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Ankylosing Spondylitis and Decision Making: Navigating Life's Challenges with a Chronic Illness

Olivia Yeo, 25, diagnosed with Ankylosing Spondylitis in 2021, shares her experiences with the autoimmune condition. It has affected decisions in her career, social life, and family planning. She has had to change her career to accommodate her condition and cannot walk long distances or carry heavy objects. She has learned to make decisions based on her health and manage the impact on others. Olivia is grateful for the support of her loved ones but still feels inferior and limited by her condition.


I wake up every day with my condition, Ankylosing Spondylitis (AS), on my mind. It is now 2023 and I was diagnosed only a couple of years ago at the age of 24. The stiffness and sharp pain in my lower back and buttocks were my main symptoms, along with random flare-ups in joints such as my wrist and MTP joint in my feet. The fatigue that accompanied my condition was also a constant battle.


Living with an autoimmune condition made me feel inferior and less deserving. I worried that people would think I was "mafan," or troublesome. I admired people who had no health conditions and could work, go to the gym, meet friends, or go shopping after work. I had to ration the 24 hours I had to manage my limited energy levels, reducing a lot of "living" time, such as meetups and hobbies, to get more "rest" time in bed or on the sofa. I would sleep on the sofa for up to 13 hours right after getting back from school or work.


AS brought many challenges to my life. Going out for walks and shopping was a challenge. I couldn't walk extensively, which meant even a normal window shopping trip around the mall became an obstacle course that healthy people enjoyed but that I found daunting. I have to take frequent breaks and find seats to cool my flared-up joints. Sleeping was also a struggle, especially when the pain in my sacroiliac joint was at its worst.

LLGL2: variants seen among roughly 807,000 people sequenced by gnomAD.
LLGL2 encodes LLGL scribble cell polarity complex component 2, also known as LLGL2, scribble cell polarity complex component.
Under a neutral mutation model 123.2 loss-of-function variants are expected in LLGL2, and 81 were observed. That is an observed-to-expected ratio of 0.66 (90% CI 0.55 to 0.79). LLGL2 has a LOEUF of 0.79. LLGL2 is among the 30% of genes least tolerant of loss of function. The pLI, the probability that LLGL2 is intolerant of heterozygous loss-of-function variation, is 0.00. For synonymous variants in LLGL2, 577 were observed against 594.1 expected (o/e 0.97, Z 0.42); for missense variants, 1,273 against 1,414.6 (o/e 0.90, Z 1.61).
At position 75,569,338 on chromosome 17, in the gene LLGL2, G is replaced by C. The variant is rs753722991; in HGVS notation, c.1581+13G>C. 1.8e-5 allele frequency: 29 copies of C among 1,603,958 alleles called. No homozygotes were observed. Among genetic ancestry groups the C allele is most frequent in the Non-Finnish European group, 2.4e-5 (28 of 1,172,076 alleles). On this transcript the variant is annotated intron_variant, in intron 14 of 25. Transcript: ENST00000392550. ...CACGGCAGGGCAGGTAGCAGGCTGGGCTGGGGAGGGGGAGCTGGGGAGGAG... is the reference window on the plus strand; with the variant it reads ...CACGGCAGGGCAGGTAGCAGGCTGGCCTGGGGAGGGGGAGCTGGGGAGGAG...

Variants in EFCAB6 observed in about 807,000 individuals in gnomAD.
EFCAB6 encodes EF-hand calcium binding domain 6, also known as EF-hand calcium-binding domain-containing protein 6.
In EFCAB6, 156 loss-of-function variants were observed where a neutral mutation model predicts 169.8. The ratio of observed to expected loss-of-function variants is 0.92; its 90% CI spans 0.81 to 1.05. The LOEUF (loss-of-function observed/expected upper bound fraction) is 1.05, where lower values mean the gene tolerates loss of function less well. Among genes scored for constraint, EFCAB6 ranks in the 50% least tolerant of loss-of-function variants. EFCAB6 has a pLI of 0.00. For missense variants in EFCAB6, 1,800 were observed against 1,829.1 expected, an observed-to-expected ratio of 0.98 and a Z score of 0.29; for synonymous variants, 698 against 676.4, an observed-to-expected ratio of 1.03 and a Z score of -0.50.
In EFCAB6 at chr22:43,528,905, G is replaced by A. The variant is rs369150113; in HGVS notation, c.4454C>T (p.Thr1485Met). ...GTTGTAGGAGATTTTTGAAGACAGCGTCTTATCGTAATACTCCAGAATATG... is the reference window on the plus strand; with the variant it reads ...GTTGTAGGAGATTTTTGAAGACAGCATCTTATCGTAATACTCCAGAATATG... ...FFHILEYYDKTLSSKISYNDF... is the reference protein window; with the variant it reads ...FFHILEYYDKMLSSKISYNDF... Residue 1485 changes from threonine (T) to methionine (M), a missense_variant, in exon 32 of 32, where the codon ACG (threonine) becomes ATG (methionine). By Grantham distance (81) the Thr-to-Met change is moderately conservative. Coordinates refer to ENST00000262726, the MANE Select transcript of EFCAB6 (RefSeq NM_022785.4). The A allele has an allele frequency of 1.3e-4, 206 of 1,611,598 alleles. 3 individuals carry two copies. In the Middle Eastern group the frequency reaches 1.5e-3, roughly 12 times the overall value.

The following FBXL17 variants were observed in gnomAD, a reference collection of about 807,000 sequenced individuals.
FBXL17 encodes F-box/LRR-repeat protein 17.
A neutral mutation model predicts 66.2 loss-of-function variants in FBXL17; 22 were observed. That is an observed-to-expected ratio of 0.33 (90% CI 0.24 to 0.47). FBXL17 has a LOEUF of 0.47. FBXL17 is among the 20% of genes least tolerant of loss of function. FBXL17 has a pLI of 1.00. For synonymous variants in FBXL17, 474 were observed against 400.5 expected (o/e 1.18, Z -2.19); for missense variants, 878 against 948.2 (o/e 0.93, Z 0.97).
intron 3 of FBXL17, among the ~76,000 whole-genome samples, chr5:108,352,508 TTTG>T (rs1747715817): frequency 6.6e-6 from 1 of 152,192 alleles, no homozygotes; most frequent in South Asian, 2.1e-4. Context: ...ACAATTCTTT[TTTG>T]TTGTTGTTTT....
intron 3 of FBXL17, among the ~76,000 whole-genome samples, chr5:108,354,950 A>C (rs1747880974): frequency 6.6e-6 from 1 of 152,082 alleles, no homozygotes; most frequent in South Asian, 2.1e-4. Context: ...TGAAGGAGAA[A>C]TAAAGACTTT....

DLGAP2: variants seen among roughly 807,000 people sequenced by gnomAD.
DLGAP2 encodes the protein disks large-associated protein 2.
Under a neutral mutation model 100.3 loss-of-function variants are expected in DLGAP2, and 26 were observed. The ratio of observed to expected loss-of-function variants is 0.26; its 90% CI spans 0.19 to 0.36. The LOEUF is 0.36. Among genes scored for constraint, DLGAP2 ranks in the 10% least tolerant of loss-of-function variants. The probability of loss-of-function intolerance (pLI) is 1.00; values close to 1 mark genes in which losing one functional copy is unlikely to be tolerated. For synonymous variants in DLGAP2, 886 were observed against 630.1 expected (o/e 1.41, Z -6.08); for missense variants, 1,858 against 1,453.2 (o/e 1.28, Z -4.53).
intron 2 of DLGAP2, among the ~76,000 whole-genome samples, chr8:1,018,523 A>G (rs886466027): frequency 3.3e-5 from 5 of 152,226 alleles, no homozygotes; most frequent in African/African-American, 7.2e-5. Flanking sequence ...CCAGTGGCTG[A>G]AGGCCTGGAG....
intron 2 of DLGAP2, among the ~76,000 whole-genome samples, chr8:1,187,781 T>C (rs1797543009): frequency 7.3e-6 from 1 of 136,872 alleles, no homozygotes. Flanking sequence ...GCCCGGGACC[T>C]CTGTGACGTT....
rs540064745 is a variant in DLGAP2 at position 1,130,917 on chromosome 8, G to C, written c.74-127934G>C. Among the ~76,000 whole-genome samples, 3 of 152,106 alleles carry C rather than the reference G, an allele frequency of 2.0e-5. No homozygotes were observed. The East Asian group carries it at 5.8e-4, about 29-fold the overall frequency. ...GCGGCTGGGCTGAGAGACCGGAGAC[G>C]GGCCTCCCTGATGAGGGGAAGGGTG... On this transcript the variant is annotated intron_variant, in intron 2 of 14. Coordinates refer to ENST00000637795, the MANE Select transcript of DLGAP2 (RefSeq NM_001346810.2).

Simple tasks like helping my mother carry a queen-sized mattress have become impossible, and I had to call my elder siblings for help instead.


I had to change my career from civil engineering to something that allowed more movement, and I now work as a quantity surveyor on a construction site instead of a typical role like a site engineer that required extensive labour.


The period after my diagnosis was also challenging for my boyfriend, who worried about how my condition might affect him in the future. He almost wanted to break up, but eventually, he stayed with me through many episodes of flare-ups and sickness.


Due to the highly inheritable nature of my health conditions, I decided not to bear any biological children. Instead, my boyfriend and I discussed the possibility of fostering or adopting a child.


AS changed the way I made decisions. I had to find a workplace nearer to my house to reduce my commuting time. Otherwise, I would have to spend my commuting time standing up in buses and trains for long periods, which could trigger sharp pain in my inflamed joints.


I have been forced to adapt my life to cope with AS. I could no longer sit for too long, and my 8-hour desk job pushed me to do yoga and stretches during work hours. Without these exercises, the looming pain and stiffness would consume my energy and destroy my mood when I got home.



Being immunocompromised, I remind my friends and family consistently that I couldn't eat barbecue, moo kata, hotpot, or raw food. I sometimes feel like a burden to other people, and it was challenging to reduce the variety of food when choosing a restaurant.


Sometimes I choose to keep quiet and take the risk of getting on the bandwagon and going along with my friends or family, to the detriment of my health. But I am learning to speak up more and remind them of my condition.


Living with AS has been a challenging journey, but I have found ways to deal with these challenges and learned not to take good health for granted. It showed me that I do have support from people around me. I am grateful for my support network - my boyfriend, family, university friends and professors, and the company that employed me even after I declared my health conditions and requested accommodation.

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